Rishi Sunak 'taking money out of our pensions' says economist
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Under pension freedom rules, everyone can start withdrawing pension money from age 55 (rising to 57 from 2028). Many will be tempted to do so as the inflation rockets, but this can backfire in several ways.
Planning how to draw money from your pension is just as important as building your savings up in the first place, says Jenny Holt, managing director for customer savings and investments at Standard Life. “Just because you can take pension money, does not mean you should.”
While the first 25 percent of any withdrawal is free of tax, the remainder will be added to your total earnings for that year and may be subject to income tax.
Take too much in one go, and you could hand a huge chunk of it to HM Revenue & Customs (HMRC), at a time when you need every penny.
You could even end up pushing yourself into a higher tax bracket. Someone used to paying 20 percent tax could suddenly pay 40 percent on pension withdrawals, savaging their retirement savings.
Under the personal allowance, most people pay no tax on the first £12,570 of income they earn each year, including the state pension.
Above that, basic rate income tax kicks in at 20 percent, rising to 40 percent if your income tops £50,270.
Taking a big lump sum in one go can backfire and a basic rate taxpayer could end up you could hand an incredible 40 percent of your lifetime savings straight to HMRC, Holt says.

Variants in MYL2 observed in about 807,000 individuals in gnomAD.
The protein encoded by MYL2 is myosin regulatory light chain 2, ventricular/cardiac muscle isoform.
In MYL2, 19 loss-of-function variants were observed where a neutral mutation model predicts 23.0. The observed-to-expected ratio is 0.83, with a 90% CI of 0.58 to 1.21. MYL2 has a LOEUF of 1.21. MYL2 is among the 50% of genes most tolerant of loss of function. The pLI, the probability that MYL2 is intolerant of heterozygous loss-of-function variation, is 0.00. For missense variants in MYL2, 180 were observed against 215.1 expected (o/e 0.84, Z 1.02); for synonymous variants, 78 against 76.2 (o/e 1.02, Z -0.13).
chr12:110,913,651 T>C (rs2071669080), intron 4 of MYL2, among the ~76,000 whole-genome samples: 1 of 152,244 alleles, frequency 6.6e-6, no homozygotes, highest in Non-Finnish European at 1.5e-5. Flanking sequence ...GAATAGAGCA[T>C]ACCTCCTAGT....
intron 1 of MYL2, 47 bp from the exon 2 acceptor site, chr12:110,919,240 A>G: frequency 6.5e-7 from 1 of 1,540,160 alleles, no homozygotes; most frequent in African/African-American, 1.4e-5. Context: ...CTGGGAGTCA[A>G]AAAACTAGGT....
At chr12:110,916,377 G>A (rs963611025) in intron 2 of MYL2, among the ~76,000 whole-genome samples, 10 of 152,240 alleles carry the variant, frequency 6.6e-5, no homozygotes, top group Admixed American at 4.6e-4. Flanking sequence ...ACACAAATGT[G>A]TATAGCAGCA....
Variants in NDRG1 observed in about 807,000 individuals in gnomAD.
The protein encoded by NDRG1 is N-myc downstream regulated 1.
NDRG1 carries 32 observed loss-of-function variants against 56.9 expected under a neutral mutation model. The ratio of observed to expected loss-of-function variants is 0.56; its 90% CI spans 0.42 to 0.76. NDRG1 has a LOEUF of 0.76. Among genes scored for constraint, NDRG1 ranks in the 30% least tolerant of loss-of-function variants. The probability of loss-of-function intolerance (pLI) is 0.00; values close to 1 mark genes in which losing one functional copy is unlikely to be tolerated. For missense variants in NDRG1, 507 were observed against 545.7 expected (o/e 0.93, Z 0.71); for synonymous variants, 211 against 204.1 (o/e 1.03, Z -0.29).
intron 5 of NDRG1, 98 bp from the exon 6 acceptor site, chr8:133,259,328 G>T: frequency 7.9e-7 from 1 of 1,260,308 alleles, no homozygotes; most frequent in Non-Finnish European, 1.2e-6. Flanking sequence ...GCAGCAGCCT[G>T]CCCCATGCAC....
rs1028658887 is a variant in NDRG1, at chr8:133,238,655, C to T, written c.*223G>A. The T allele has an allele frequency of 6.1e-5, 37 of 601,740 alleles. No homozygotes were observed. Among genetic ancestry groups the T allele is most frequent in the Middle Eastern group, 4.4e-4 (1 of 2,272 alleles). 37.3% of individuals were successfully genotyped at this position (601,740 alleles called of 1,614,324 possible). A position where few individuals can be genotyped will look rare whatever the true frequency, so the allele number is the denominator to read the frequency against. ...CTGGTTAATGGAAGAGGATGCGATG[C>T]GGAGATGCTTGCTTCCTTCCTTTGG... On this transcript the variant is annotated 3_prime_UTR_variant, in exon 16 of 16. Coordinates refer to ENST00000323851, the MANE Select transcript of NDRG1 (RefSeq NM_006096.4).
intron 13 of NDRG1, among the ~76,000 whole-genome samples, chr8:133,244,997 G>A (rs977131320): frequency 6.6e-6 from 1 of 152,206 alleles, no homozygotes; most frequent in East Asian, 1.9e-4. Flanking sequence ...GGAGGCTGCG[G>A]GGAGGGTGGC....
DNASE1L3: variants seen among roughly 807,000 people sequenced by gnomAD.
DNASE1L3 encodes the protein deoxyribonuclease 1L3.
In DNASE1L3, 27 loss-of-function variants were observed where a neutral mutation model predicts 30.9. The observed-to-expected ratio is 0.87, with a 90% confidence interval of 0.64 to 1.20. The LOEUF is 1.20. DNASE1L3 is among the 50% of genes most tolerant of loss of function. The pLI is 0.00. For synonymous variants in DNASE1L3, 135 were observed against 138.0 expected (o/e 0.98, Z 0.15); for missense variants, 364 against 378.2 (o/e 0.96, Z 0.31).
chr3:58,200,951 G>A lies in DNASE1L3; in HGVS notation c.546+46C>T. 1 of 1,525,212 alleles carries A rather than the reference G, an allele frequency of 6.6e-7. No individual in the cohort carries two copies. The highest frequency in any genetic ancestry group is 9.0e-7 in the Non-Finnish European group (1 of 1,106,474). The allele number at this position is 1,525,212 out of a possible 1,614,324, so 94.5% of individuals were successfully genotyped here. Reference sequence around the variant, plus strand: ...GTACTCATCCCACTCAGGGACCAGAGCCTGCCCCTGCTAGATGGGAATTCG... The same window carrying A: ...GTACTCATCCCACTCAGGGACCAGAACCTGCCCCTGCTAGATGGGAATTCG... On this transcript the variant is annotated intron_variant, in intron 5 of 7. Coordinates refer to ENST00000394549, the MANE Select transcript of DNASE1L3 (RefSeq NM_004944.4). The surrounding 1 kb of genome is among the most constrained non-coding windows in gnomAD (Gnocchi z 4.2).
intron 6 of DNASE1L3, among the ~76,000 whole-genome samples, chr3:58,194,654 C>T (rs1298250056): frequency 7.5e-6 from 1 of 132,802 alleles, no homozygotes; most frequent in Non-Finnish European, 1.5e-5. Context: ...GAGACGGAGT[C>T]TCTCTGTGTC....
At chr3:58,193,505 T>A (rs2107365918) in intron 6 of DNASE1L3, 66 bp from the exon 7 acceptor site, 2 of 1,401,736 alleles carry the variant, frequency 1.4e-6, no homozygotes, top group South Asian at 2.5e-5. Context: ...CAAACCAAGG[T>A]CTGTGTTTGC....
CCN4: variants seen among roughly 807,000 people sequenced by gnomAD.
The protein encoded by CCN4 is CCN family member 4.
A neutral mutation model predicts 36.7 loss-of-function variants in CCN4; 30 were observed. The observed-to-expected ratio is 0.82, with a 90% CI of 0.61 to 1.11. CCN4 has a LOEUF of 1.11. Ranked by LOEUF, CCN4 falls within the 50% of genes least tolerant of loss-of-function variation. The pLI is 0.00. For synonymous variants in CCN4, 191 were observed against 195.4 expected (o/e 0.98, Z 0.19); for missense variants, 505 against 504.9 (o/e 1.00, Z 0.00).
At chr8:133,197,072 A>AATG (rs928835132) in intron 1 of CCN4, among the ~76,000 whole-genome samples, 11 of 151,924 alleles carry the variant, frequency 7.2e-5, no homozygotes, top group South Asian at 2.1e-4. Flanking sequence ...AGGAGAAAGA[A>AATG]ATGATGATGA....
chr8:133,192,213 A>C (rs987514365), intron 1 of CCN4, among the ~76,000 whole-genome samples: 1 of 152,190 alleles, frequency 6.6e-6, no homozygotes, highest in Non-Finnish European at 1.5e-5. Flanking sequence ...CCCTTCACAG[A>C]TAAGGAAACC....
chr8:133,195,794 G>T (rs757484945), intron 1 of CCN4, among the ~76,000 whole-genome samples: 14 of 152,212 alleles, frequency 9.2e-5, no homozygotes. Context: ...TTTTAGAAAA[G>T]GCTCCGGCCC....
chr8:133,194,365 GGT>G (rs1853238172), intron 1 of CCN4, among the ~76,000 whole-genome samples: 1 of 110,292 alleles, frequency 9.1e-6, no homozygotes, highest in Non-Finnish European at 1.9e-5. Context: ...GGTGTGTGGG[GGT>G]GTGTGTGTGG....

It makes more sense to make smaller, regular withdrawals spread over many years.
“By taking just enough to stay in the lowest tax band possible, you could keep more of your money overall,” Holt says.
The over-55s who are still working have two reasons to delay taking their pension. First, they are less likely to need the income, and second, they could pay more tax as withdrawals are added to their income.
Another danger of taking pension too soon if that you could drain your pot, leaving little for later life. “Once it’s gone, it’s gone,” Holt says.
The longer your money stays untouched inside your pension, the more potential it has to grow in a tax-efficient way, and the more the 25 per cent tax-free element will be worth.
Just remember that if you leave your pension invested, its value can go down as well as up, Holt cautions
Another danger with early pension withdrawals is that you may trigger the Money Purchase Annual Allowance (MPAA).
The moment you draw money from a defined contribution company or personal pension, the maximum you can invest in future while claiming tax relief falls to just £4,000 a year.
HMRC introduced this rule to stop savers repeatedly “recycling” pension money to claim tax relief on contributions.
While £4,000 a year sounds a lot, it includes tax relief so is only about £266 a month for a basic rate taxpayer and £200 for a higher rate taxpayer.
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Triggering the MPAA can be a blow for those with a company scheme with employer contributions, as they could lose that valuable workplace benefit.
However, it does not apply if you cash in a number of small pension pots each valued at less than £10,000.
Taking out just what you need and leaving the rest in your pension until you really need it should be a sensible move for most.
One of the worst things you can do is pull money out and put it in a current account or savings account paying next to no interest, said Andrew Tully, technical director at Canada Life. “It will lose its pension tax advantages, grow at a slower pace and is more likely to eroded by inflation.”
There is one more reason to leave your pension invested for as long as you can. “Unlike your other savings, including Isas, unused pension does not incur inheritance tax when you die,” Tully says
If you die before age 75, beneficiaries can receive the money free of tax, but they may pay income tax if you die later.
This is a complex area so consider seeking financial advice or talk to the free government-backed Pension Wise guidance service, via MoneyHelper.org.uk or 0800 138 3944.
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